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Article
November 1942

MAINTENANCE OF NITROGEN EQUILIBRIUM BY INTRAVENOUS ADMINISTRATION OF AMINO ACIDS: CLINICAL STUDIES

Author Affiliations

Attending Physician, William J. Seymour Hospital, Eloise, Mich.; Instructor in Clinical Medicine, Wayne University College of Medicine, Detroit; Chemist, Department of Internal Medicine, William J. Seymour Hospital, Eloise, Mich. ELOISE, MICH.

Arch Intern Med (Chic). 1942;70(5):749-762. doi:10.1001/archinte.1942.00200230062005
Abstract

In an earlier paper1 it was shown that substitution of a mixture of essential amino acids for food protein is possible. A hydrolysate of casein reenforced by the addition of tryptophan was given subcutaneously or intravenously to normal persons and to patients after operation. Five of the 7 normal subjects stayed in nitrogen balance throughout the experiment. In the surgically treated subjects the injections helped to maintain nitrogen equilibrium.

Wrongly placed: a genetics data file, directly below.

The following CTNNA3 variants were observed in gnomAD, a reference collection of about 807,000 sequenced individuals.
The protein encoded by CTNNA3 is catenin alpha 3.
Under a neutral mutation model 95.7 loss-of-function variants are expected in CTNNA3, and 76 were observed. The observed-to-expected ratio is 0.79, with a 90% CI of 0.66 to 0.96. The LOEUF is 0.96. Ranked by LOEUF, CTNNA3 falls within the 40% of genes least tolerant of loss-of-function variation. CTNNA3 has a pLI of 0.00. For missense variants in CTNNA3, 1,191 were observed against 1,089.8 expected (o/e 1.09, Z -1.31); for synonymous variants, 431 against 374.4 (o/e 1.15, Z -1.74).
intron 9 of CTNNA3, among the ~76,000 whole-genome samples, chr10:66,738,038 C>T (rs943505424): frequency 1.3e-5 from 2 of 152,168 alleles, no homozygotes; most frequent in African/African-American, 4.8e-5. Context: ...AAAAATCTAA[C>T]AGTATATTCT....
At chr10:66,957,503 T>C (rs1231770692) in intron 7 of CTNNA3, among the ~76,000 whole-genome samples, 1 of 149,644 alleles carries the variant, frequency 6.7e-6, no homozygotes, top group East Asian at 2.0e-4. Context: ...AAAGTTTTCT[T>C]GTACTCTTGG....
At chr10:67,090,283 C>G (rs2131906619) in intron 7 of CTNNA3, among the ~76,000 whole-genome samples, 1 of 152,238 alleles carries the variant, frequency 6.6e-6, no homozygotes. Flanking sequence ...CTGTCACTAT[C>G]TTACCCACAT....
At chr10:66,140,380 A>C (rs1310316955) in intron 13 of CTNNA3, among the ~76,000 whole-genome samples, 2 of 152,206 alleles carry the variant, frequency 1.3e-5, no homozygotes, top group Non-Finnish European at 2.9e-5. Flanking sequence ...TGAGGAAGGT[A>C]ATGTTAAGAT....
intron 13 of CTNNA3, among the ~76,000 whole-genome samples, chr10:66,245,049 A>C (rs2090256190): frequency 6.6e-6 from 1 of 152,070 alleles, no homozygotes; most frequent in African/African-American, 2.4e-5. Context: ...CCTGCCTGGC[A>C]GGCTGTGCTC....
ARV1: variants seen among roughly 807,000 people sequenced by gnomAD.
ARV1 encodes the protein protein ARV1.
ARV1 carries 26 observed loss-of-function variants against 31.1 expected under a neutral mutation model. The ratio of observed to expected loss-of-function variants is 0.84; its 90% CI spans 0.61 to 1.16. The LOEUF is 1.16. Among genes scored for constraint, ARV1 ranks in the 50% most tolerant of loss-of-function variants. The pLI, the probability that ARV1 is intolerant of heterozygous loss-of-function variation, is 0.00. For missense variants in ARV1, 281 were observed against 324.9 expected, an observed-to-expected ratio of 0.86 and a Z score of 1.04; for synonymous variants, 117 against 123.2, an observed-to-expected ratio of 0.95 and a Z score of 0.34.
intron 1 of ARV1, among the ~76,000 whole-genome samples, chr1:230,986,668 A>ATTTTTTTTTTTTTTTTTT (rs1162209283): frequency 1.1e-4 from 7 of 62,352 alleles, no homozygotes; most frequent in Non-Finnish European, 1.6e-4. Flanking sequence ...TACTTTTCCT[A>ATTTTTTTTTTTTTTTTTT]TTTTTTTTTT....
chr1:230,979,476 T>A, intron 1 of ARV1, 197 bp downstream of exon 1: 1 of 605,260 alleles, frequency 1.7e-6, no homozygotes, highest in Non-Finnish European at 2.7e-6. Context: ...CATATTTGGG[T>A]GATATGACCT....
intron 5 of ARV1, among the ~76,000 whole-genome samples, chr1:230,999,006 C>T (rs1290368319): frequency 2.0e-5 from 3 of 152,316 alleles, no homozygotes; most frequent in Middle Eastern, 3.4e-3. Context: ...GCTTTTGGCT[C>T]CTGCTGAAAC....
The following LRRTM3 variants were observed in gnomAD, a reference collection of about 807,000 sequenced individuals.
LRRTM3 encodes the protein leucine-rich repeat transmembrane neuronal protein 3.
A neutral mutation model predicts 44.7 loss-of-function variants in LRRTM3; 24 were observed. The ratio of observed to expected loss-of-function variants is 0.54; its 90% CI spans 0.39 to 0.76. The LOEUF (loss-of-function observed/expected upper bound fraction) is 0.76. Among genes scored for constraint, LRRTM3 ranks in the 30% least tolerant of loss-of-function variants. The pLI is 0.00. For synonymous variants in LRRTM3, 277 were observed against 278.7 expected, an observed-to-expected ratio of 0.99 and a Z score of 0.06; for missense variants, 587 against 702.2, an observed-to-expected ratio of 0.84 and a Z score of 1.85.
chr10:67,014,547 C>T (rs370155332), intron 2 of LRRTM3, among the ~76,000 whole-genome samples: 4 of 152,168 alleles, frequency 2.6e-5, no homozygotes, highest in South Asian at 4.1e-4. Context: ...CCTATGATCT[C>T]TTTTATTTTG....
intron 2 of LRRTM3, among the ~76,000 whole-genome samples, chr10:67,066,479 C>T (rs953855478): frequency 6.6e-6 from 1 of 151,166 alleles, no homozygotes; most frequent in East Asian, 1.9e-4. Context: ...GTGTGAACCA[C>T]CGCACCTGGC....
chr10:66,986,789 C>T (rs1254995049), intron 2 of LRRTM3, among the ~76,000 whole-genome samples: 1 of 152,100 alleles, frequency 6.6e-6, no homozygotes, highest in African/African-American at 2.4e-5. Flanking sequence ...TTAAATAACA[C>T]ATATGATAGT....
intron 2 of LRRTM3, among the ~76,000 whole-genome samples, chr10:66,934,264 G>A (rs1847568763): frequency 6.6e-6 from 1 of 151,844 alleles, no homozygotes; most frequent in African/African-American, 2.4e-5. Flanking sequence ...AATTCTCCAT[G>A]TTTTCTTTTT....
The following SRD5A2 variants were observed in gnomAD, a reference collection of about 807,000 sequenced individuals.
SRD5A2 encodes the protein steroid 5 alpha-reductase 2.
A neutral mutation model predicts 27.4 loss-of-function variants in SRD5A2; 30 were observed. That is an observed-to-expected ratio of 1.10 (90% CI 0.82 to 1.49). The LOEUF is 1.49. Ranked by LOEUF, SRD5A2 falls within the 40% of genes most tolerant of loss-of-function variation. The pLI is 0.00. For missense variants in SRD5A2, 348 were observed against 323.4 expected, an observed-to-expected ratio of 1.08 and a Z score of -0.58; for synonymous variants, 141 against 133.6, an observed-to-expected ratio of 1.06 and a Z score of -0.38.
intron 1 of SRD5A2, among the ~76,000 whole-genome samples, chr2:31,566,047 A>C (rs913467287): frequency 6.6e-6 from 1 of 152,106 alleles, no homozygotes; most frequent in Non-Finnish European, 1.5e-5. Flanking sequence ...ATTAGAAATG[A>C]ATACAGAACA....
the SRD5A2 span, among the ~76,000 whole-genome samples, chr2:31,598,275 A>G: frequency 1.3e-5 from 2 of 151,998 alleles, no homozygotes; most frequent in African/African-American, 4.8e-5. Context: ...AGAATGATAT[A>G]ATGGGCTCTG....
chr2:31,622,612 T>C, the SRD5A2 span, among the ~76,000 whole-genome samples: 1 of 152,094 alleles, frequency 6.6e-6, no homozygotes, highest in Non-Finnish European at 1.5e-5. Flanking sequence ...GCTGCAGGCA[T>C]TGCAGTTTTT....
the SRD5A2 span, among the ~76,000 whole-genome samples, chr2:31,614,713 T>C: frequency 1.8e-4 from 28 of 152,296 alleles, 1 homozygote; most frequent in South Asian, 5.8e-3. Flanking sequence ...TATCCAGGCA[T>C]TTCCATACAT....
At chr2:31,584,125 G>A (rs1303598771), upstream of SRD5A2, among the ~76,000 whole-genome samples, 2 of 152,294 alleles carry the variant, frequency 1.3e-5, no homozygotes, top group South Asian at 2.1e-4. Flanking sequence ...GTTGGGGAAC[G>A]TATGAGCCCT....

Naturally, the question arose whether such injection of amino acids would be efficacious in the treatment of patients suffering from various disorders. In pursuit of this problem the following study was undertaken.

MATERIAL AND METHOD  Nitrogen balance studies were made on 19 subjects observed over periods of two to thirteen weeks. There were 9 patients with malignant growths, 3 with hyperthyroidism, 1 with myxedema, 2 with empyema, 2 with chronic glomerulonephritis, 1 with cirrhosis of the liver and 1 with

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